Inductive inference is a type of method that many scientists use to arrive at general claims from premises and observed samples. Historically however, philosophers such as David Hume have argued that inductive reasoning is unjustified and problematic in many ways. Pritchard explores this idea known as “the problem of induction” in Chapter 10.
An example of an observation is: Every observed emu has been flightless. Therefore the inductive inference would be: All Emus are flightless. Before Humes created his argument, this inference would seem justifiable so long as the observation was made in a range of cases that represented it. Humes however brings to question, “… how we could be sure that the regularities that are observed within a representative sample should increase the likelihood that the unrestricted generalization is true” (Pritchard 102). This proves that in order to defend that an inductive inference is justifiable, one must use yet another inductive claim. The epistemic support for inductive inferences is circular. From this, we conclude that there can be no non-circular justification for inductive inferences. This dilemma is known as the problem of induction and leaves us with the issue of whether we can justify inductive reasoning considering the fact Humes has presented us with the problem of induction. Do we conclude that induction needs no justification? Do we side with epistemic internalists who believe one must always have supporting grounds?
Since scientists are prone to use inductive reasoning, is the problem of Induction merely a something we can live with? Popper suggests that, “we don’t in fact make use of inductive inferences all that often” (103). Popper presents us with falsification, an alternative method for proceeding deductively through the problem of induction. Simply put, we must create generalizations then seek to refute them by finding evidence that counters the generalization. Is falsification a useful way to avoid the problem of induction? Philosophers argue that although falsification may temporarily solve the problem of induction, it suggest that in fact we don’t know much about scientific knowledge and we don’t know that many generalizations are indeed false.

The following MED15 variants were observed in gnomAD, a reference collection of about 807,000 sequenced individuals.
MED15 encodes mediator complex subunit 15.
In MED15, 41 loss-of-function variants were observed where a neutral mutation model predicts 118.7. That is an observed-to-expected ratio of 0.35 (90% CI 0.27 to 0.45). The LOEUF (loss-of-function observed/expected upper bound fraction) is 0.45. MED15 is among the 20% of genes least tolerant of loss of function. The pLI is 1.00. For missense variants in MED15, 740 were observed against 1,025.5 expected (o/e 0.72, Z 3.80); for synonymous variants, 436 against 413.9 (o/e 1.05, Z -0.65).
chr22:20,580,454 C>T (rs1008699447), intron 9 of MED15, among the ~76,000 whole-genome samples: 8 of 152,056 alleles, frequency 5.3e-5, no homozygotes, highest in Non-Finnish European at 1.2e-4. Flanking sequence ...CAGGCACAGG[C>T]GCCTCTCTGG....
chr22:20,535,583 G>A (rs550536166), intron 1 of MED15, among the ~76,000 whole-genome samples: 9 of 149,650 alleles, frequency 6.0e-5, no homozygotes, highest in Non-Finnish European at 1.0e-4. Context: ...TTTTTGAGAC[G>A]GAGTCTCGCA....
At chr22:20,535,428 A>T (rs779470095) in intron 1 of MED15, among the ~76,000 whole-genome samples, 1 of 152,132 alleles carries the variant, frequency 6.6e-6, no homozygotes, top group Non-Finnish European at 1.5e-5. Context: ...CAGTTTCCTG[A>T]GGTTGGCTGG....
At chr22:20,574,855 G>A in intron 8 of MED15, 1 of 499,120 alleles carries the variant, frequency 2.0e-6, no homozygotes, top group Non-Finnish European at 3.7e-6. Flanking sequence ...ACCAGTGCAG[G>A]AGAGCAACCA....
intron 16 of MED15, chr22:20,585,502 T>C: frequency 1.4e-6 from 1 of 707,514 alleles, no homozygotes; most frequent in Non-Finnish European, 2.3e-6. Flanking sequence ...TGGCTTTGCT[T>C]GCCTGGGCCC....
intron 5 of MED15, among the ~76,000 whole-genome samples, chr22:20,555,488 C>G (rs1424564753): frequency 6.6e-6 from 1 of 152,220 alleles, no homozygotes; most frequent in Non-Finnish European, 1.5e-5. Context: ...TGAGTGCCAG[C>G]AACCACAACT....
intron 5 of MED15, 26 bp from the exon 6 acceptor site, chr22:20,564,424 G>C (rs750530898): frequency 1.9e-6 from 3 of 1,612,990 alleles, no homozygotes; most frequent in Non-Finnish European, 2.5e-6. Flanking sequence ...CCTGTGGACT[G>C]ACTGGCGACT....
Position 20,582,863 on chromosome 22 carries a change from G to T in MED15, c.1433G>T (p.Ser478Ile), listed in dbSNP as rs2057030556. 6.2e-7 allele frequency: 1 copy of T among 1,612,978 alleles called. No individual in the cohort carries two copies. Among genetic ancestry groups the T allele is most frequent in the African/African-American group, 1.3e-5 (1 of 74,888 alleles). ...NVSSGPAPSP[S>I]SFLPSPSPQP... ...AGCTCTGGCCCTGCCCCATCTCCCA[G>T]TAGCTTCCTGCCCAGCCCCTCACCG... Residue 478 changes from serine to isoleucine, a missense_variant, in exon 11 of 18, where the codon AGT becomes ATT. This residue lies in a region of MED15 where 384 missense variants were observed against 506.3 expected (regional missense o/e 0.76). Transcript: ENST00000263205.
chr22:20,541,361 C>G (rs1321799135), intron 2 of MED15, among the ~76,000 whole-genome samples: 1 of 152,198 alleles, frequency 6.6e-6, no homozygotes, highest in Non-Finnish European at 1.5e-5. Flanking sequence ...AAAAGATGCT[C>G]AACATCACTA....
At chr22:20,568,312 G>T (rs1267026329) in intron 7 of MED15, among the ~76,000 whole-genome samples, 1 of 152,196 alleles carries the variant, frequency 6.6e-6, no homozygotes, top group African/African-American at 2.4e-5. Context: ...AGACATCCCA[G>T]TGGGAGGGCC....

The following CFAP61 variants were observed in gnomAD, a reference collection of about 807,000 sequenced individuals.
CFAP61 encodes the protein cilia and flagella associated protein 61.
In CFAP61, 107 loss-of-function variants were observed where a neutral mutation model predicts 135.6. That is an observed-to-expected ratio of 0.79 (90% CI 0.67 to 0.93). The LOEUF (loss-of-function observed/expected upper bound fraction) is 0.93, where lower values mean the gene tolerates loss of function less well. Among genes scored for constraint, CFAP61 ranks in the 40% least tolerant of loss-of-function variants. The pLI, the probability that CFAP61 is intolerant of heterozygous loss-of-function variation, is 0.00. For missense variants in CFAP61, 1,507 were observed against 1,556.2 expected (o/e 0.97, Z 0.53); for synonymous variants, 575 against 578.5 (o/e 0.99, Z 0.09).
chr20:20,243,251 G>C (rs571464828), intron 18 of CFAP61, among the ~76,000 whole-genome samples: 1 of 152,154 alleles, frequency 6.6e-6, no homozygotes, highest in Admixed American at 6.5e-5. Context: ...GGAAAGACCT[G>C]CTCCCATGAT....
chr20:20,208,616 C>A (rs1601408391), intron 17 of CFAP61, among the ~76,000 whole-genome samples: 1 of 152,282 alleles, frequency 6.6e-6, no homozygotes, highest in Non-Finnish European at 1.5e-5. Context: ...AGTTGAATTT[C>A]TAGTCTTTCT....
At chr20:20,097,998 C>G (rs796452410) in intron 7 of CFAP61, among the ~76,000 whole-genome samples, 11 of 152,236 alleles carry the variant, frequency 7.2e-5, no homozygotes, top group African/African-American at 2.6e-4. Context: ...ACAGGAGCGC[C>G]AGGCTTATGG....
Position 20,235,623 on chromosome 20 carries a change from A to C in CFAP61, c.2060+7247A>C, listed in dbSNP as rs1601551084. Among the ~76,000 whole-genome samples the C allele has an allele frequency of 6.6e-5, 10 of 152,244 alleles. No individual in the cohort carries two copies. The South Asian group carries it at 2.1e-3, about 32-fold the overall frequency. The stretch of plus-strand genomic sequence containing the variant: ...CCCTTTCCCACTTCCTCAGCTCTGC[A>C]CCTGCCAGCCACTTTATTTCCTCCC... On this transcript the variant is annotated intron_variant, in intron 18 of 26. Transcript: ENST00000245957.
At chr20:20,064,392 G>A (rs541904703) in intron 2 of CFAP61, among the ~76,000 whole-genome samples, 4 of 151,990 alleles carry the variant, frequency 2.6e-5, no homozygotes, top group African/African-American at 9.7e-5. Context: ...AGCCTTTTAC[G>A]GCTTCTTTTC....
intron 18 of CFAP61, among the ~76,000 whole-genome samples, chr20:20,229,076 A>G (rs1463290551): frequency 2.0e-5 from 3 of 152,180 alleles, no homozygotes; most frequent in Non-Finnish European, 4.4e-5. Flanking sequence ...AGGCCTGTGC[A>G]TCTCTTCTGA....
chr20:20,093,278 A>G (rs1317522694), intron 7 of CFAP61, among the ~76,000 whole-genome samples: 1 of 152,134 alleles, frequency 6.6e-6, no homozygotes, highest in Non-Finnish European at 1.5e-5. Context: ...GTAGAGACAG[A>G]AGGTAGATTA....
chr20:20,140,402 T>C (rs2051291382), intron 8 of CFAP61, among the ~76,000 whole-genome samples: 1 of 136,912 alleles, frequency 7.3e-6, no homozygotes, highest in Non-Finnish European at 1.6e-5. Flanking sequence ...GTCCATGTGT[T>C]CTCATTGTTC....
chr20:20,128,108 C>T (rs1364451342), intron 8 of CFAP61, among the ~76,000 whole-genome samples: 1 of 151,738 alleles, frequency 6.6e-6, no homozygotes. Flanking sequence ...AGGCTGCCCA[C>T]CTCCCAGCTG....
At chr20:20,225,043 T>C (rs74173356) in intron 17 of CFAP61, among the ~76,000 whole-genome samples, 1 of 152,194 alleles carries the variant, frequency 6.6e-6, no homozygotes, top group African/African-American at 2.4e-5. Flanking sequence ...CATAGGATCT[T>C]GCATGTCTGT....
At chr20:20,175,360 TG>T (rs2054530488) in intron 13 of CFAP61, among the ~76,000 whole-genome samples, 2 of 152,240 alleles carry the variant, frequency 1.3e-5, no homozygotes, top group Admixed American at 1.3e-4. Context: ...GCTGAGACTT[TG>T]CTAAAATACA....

Another solution to the problem of induction is Pragmatism. If we assume there is no justification for induction and we don’t employ induction and believe it is rational, we won’t have many true beliefs in this world. Pritchard states, “If we do use induction, at least we have the chance to form lots of true beliefs about the world through our inductive inferences” (107). This is the pragmatic response to the problem of induction. We face a choice between either using induction to gain true beliefs, or believing it is not justifiable and losing all potential true beliefs about the world.
Falsification and Pragmatism leave us with a choice to make in take for defining and justifying induction. Do we side with Humes, Popper, or one of the numerous other philosophers who believe they have arrived at solutions for the problem of induction? Vickers argues, “In recent times inductive methods have fissioned and multiplied, to an extent that attempting to define induction would be more difficult than rewarding… it is safe to say that in the absence of further assumptions this problem is and should be insoluble.” (Vickers). In other words, attempting to justify induction further complicates the problem because it raises even more questions. This leads us to the conclusion that the problem of induction is merely something we must live with in order for us to continue our scientific studies and the search for true beliefs in our world.
Outside source: Vickers, John, “The Problem of Induction”, The Stanford Encyclopedia of Philosophy (Fall 2014 Edition), Edward N. Zalta (ed.), URL = <http://plato.stanford.edu/archives/fall2014/entries/induction-problem/>.